It’s inescapable. Every day I see more and more examples of it. Consumer behavior is at the core of sweeping industry change. Too often we get caught up in thinking about technology as the disruptor and forget that people are at the heart of the transformations all around us. Here are four examples from this past week:
- Sears. J.C. Penney. Bebe. Macy’s. Target. Kohl’s. Neiman Marcus. And that’s just for starters. The epic decline of department stores and apparel-focused retail is linked to Amazon’s domination of the online marketplace. At the heart of that change? Consumers who expect something more – and something different. Increasingly, consumers are saying no to the traditional retailer and shopping mall. What do they demand? Convenience, cost and a user-defined experience.
- Who would have thought that consumer choice would lead colleges to guarantee that their degree will get you a job – and a job with a decent salary? As college students – and their parents – increasingly question the return on investment given staggering student loan debt, higher ed is having to respond creatively to compete for students. Both educator and student take on the risk – and reap the reward.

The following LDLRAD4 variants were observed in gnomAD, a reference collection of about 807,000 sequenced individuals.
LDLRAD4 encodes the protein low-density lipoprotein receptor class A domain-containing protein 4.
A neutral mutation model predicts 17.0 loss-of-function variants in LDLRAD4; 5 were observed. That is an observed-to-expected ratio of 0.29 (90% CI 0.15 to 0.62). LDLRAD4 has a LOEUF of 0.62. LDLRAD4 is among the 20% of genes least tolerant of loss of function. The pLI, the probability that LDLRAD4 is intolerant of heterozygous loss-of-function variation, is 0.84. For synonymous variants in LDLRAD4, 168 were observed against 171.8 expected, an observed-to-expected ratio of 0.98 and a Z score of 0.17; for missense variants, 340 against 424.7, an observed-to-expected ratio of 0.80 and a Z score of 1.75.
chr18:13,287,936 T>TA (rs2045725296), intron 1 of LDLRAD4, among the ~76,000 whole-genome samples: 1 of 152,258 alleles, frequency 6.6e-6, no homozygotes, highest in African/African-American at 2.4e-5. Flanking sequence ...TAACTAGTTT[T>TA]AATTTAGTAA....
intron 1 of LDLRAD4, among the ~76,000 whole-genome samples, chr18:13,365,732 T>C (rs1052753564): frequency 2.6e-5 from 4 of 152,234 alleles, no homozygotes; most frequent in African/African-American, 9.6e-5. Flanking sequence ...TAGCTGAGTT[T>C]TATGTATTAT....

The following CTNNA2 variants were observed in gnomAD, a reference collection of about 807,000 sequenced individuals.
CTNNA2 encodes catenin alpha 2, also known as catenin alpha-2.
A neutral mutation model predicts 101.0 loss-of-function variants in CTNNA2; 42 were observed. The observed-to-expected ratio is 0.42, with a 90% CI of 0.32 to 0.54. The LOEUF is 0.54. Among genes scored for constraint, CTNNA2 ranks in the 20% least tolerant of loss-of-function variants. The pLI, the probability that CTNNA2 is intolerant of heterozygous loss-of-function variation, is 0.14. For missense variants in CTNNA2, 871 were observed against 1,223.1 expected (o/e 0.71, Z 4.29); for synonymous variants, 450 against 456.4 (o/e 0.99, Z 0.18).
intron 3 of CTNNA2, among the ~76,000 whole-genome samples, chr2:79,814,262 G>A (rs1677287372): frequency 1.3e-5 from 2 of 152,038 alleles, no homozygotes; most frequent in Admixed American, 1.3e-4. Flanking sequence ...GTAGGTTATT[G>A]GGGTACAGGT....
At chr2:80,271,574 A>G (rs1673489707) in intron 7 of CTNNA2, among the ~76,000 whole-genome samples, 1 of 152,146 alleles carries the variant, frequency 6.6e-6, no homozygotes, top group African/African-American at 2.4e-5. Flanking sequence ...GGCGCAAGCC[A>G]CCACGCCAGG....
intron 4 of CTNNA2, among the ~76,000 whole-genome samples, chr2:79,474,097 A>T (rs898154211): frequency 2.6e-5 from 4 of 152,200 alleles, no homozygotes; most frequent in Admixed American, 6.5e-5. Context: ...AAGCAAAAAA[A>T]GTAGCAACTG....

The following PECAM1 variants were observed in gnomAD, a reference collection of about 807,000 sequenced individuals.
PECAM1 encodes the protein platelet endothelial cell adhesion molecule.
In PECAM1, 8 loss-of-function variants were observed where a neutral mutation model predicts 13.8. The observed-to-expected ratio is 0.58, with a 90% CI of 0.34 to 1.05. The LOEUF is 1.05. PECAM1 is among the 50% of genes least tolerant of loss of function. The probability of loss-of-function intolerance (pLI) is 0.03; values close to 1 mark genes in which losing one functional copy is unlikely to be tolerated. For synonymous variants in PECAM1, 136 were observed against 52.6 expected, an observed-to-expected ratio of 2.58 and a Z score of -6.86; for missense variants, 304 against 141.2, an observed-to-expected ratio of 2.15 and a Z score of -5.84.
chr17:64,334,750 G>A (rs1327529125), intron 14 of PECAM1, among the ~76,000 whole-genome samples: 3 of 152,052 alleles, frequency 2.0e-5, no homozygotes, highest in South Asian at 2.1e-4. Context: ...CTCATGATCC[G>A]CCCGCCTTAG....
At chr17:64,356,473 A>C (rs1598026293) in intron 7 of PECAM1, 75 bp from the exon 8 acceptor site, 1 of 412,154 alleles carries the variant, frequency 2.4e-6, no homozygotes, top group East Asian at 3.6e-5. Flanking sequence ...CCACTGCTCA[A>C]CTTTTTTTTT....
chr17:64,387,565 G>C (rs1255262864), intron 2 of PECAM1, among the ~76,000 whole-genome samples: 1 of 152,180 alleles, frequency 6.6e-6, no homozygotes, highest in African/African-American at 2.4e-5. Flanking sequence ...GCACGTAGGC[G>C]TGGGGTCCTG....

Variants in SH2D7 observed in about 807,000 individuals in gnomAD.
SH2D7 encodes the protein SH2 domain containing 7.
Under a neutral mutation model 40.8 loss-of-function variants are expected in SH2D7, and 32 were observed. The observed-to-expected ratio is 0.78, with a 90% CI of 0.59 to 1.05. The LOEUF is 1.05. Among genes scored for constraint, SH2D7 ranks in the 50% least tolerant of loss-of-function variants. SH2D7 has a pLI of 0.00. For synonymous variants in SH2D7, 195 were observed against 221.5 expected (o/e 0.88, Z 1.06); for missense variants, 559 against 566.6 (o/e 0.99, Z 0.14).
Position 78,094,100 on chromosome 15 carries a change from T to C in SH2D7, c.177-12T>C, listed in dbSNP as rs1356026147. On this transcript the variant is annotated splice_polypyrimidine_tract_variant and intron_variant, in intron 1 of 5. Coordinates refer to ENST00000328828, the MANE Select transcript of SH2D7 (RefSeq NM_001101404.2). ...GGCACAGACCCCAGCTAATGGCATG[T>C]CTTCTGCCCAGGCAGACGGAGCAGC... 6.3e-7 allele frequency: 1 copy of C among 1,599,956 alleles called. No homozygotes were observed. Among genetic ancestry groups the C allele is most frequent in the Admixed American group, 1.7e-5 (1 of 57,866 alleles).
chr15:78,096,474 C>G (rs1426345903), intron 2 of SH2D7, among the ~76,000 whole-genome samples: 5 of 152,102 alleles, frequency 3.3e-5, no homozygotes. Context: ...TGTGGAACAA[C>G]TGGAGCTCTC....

- Decades of tradition are on the chopping block as movie studios plan to release films to online platforms mere weeks after release to theaters. As reported in the Wall Street Journal yesterday, movie companies have experienced declining home entertainment revenues for 2 years straight and global box-office growth has also been slowing. In a quest to increase revenues they are looking to meet consumers where they are – in the comfort of their home on a tablet, pc or tv.
- And lastly. Bruce Springsteen. We are experiencing the beginning of the end of rock and roll as we’ve known it. Boomer rock stars became global corporations in the days when record companies invested in them like R&D. That era is over. The concert business is bifurcating into festivals and small venues as consumers expect more intimate and novel experiences. No longer satisfied with paying high prices for poor sound quality and a miniscule view of the band, consumers are pursuing other entertainment options. Today’s young stars will build careers in an entirely new era. Welcome to Me, Inc. rock and roll style.
Each of these stories has a common denominator – consumers demand the experience on their terms. They define the where, when, how and how much. These changes are sweeping and have only begun. The question now is, who is next?
What will this mean for other industries and sectors?